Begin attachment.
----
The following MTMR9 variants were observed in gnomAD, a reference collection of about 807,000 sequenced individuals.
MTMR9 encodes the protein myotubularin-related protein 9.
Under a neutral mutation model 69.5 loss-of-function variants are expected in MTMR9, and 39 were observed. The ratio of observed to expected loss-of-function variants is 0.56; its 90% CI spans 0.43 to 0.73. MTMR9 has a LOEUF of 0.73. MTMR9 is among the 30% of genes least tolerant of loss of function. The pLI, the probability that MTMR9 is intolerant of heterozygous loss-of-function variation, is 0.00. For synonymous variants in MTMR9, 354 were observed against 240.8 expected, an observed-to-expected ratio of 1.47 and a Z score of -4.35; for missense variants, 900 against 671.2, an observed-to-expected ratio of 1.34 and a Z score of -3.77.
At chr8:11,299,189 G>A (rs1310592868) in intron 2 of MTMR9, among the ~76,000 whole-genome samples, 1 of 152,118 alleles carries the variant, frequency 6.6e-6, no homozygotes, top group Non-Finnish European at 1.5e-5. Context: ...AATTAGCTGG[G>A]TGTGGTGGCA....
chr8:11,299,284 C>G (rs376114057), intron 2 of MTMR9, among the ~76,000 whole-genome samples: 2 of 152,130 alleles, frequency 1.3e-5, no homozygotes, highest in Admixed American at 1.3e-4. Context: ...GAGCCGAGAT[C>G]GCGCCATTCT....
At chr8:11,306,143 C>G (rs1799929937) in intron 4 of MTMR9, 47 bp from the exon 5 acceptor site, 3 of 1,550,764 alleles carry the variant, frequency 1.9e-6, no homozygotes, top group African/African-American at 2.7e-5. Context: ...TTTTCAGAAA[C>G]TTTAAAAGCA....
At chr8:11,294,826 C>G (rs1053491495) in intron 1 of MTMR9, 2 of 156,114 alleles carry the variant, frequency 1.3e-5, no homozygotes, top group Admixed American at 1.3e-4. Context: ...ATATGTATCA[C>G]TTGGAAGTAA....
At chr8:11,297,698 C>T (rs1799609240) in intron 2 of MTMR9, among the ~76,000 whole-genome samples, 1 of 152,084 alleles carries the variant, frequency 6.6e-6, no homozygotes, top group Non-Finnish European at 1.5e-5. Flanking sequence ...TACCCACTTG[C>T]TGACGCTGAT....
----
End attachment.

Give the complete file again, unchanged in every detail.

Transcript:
The following MTMR9 variants were observed in gnomAD, a reference collection of about 807,000 sequenced individuals.
MTMR9 encodes the protein myotubularin-related protein 9.
Under a neutral mutation model 69.5 loss-of-function variants are expected in MTMR9, and 39 were observed. The ratio of observed to expected loss-of-function variants is 0.56; its 90% CI spans 0.43 to 0.73. MTMR9 has a LOEUF of 0.73. MTMR9 is among the 30% of genes least tolerant of loss of function. The pLI, the probability that MTMR9 is intolerant of heterozygous loss-of-function variation, is 0.00. For synonymous variants in MTMR9, 354 were observed against 240.8 expected, an observed-to-expected ratio of 1.47 and a Z score of -4.35; for missense variants, 900 against 671.2, an observed-to-expected ratio of 1.34 and a Z score of -3.77.
At chr8:11,299,189 G>A (rs1310592868) in intron 2 of MTMR9, among the ~76,000 whole-genome samples, 1 of 152,118 alleles carries the variant, frequency 6.6e-6, no homozygotes, top group Non-Finnish European at 1.5e-5. Context: ...AATTAGCTGG[G>A]TGTGGTGGCA....
chr8:11,299,284 C>G (rs376114057), intron 2 of MTMR9, among the ~76,000 whole-genome samples: 2 of 152,130 alleles, frequency 1.3e-5, no homozygotes, highest in Admixed American at 1.3e-4. Context: ...GAGCCGAGAT[C>G]GCGCCATTCT....
At chr8:11,306,143 C>G (rs1799929937) in intron 4 of MTMR9, 47 bp from the exon 5 acceptor site, 3 of 1,550,764 alleles carry the variant, frequency 1.9e-6, no homozygotes, top group African/African-American at 2.7e-5. Context: ...TTTTCAGAAA[C>G]TTTAAAAGCA....
At chr8:11,294,826 C>G (rs1053491495) in intron 1 of MTMR9, 2 of 156,114 alleles carry the variant, frequency 1.3e-5, no homozygotes, top group Admixed American at 1.3e-4. Context: ...ATATGTATCA[C>G]TTGGAAGTAA....
At chr8:11,297,698 C>T (rs1799609240) in intron 2 of MTMR9, among the ~76,000 whole-genome samples, 1 of 152,084 alleles carries the variant, frequency 6.6e-6, no homozygotes, top group Non-Finnish European at 1.5e-5. Flanking sequence ...TACCCACTTG[C>T]TGACGCTGAT....